The problems surrounding sending the first humans into space were mainly technical - how to build a rocket that could shoot through the atmosphere while protecting its passengers. But now that we’ve got people up there, and for increasingly longer amounts of time, a whole new host of issues present themselves - including the effect living in space has on the bodies of our astronauts.
A new US study has found that astronauts who spend more than a month in space have an increased risk of brain and eye problems, findings reported in Radiology. The researchers used MRI to scan the bodies of 27 astronauts who had been in space for an average of 108 days, finding that a significant portion of those studied had symptoms consistent with the condition of intracranial hypertension - characterised by increased pressure on the brain.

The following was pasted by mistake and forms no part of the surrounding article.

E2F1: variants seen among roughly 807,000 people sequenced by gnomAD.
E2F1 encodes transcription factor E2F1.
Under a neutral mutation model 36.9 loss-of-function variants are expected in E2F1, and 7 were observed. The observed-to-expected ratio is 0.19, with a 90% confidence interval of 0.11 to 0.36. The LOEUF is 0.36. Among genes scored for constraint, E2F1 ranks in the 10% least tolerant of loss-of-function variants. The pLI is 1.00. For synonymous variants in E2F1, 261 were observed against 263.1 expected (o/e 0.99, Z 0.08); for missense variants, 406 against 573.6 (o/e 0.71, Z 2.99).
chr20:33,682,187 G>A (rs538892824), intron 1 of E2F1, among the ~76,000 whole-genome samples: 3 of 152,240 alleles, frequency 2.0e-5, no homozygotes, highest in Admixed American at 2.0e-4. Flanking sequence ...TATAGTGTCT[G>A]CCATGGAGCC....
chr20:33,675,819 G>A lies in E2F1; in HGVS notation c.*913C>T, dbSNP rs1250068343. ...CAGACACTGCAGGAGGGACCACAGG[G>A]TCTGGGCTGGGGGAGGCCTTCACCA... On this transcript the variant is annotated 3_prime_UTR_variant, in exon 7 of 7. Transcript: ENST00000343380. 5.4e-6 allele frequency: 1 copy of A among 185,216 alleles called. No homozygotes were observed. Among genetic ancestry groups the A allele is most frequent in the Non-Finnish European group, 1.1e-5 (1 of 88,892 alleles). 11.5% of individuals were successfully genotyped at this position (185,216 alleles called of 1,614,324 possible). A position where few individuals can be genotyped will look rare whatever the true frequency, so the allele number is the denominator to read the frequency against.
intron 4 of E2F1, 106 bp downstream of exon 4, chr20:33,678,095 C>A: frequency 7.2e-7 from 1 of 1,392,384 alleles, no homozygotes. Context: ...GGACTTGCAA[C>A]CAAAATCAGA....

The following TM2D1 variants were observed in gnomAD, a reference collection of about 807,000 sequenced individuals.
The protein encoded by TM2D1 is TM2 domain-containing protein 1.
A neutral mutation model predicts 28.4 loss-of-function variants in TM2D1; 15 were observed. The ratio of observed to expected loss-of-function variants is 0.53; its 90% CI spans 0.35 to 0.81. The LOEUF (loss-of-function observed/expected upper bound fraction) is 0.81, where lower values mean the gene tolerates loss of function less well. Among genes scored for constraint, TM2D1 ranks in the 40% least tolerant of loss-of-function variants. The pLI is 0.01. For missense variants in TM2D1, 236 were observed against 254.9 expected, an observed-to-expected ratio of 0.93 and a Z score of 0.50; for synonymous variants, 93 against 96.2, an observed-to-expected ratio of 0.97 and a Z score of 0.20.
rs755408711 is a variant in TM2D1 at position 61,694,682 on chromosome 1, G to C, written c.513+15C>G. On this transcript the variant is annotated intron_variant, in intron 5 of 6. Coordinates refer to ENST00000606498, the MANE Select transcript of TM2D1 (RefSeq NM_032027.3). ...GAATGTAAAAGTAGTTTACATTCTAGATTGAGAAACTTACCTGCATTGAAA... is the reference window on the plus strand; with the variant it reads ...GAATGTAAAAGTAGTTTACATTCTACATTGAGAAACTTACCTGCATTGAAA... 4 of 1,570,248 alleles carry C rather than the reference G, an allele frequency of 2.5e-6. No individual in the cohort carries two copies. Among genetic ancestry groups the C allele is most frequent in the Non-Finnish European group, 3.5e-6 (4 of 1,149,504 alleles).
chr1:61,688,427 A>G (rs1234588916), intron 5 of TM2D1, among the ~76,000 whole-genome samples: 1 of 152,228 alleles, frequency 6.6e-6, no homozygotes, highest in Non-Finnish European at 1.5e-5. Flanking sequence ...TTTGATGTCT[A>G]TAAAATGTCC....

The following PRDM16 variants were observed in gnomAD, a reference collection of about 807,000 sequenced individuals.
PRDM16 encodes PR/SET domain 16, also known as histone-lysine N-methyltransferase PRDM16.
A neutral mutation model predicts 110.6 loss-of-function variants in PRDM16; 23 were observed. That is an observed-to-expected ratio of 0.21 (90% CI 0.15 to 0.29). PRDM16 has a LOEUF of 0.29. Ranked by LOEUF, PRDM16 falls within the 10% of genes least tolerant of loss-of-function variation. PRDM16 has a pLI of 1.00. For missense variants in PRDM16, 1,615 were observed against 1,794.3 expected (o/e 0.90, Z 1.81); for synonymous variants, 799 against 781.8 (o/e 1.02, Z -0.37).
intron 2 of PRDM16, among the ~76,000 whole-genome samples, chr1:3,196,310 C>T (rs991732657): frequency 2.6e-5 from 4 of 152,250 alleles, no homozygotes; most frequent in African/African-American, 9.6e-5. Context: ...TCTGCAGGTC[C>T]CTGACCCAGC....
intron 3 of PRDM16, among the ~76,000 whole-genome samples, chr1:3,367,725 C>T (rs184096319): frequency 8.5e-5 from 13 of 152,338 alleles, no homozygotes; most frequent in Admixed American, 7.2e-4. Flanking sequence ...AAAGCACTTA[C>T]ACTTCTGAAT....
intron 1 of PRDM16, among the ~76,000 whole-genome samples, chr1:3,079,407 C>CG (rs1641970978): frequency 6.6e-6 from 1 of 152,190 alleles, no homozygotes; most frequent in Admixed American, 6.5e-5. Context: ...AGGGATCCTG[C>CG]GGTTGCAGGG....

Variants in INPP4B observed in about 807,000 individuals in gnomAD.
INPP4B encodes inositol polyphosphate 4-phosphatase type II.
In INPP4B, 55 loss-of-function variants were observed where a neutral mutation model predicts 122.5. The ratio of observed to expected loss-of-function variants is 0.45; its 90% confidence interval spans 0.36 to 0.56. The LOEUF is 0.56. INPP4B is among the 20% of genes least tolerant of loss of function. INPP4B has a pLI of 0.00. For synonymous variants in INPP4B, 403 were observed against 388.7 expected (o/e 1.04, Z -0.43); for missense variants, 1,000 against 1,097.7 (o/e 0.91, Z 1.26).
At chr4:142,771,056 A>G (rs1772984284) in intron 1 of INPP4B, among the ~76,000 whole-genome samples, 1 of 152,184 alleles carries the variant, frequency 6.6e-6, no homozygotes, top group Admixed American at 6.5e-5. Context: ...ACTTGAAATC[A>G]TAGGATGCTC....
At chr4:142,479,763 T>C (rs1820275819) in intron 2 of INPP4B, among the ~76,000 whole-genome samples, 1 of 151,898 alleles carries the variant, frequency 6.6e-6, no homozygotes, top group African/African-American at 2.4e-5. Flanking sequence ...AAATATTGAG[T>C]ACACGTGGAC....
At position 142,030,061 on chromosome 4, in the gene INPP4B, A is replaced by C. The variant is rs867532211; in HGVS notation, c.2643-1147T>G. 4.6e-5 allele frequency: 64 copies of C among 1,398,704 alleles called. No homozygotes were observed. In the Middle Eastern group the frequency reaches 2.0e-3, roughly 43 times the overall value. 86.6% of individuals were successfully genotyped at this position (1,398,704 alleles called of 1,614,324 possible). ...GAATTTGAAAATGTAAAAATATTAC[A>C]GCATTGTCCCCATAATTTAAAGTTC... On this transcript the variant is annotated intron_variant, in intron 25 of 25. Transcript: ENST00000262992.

33 per cent of the astronauts studied had excess cerebral-spinal fluid around their optic nerve - which can cause eyesight problems and head pain. 22 per cent had their eyeballs flattened to some degree, either worsening their eyesight, or (strangely) correcting it in the case of those who were short-sighted.
Dr Larry Kramer, lead author of the study, says the findings are significant for the future of space travel.
"There are major political, social and individual ramifications relative to this thought alone. Consider the possible impact on proposed manned missions to Mars or even the concept of space tourism. Can risks be eventually mitigated? Can abnormalities detected be completely reversed? The next step is confirming the findings, defining causation and working towards a solution based on solid evidence," Kramer told the Guardian.
With a mission to Mars taking up to 250 days, it’s clear the results of the study will need to be further investigated before any long-term space flights are undertaken. Along with muscle wastage and bone changes, pressure on the brain is another problem posed by extended flights in space.